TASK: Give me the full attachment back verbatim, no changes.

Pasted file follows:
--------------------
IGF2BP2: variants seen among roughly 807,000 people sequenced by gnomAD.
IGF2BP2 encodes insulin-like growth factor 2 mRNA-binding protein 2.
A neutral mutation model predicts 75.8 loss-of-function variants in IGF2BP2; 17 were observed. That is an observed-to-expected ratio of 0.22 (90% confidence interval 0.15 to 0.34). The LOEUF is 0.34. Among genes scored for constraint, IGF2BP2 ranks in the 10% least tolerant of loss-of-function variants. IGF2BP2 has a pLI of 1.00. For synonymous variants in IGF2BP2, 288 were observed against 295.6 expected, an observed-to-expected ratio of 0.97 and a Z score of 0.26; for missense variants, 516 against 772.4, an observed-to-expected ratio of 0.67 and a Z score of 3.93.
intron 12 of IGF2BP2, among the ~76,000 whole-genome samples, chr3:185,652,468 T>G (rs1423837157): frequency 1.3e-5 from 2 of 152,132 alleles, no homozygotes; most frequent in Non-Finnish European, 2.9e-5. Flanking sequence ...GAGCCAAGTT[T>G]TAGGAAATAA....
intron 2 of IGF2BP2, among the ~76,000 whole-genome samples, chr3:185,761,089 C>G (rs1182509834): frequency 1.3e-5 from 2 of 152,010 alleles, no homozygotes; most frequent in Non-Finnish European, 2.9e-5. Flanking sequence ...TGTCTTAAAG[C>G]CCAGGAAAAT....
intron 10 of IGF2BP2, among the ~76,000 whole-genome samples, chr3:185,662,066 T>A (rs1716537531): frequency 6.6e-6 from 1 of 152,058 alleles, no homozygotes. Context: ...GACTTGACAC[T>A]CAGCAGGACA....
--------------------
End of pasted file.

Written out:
IGF2BP2: variants seen among roughly 807,000 people sequenced by gnomAD.
IGF2BP2 encodes insulin-like growth factor 2 mRNA-binding protein 2.
A neutral mutation model predicts 75.8 loss-of-function variants in IGF2BP2; 17 were observed. That is an observed-to-expected ratio of 0.22 (90% confidence interval 0.15 to 0.34). The LOEUF is 0.34. Among genes scored for constraint, IGF2BP2 ranks in the 10% least tolerant of loss-of-function variants. IGF2BP2 has a pLI of 1.00. For synonymous variants in IGF2BP2, 288 were observed against 295.6 expected, an observed-to-expected ratio of 0.97 and a Z score of 0.26; for missense variants, 516 against 772.4, an observed-to-expected ratio of 0.67 and a Z score of 3.93.
intron 12 of IGF2BP2, among the ~76,000 whole-genome samples, chr3:185,652,468 T>G (rs1423837157): frequency 1.3e-5 from 2 of 152,132 alleles, no homozygotes; most frequent in Non-Finnish European, 2.9e-5. Flanking sequence ...GAGCCAAGTT[T>G]TAGGAAATAA....
intron 2 of IGF2BP2, among the ~76,000 whole-genome samples, chr3:185,761,089 C>G (rs1182509834): frequency 1.3e-5 from 2 of 152,010 alleles, no homozygotes; most frequent in Non-Finnish European, 2.9e-5. Flanking sequence ...TGTCTTAAAG[C>G]CCAGGAAAAT....
intron 10 of IGF2BP2, among the ~76,000 whole-genome samples, chr3:185,662,066 T>A (rs1716537531): frequency 6.6e-6 from 1 of 152,058 alleles, no homozygotes. Context: ...GACTTGACAC[T>A]CAGCAGGACA....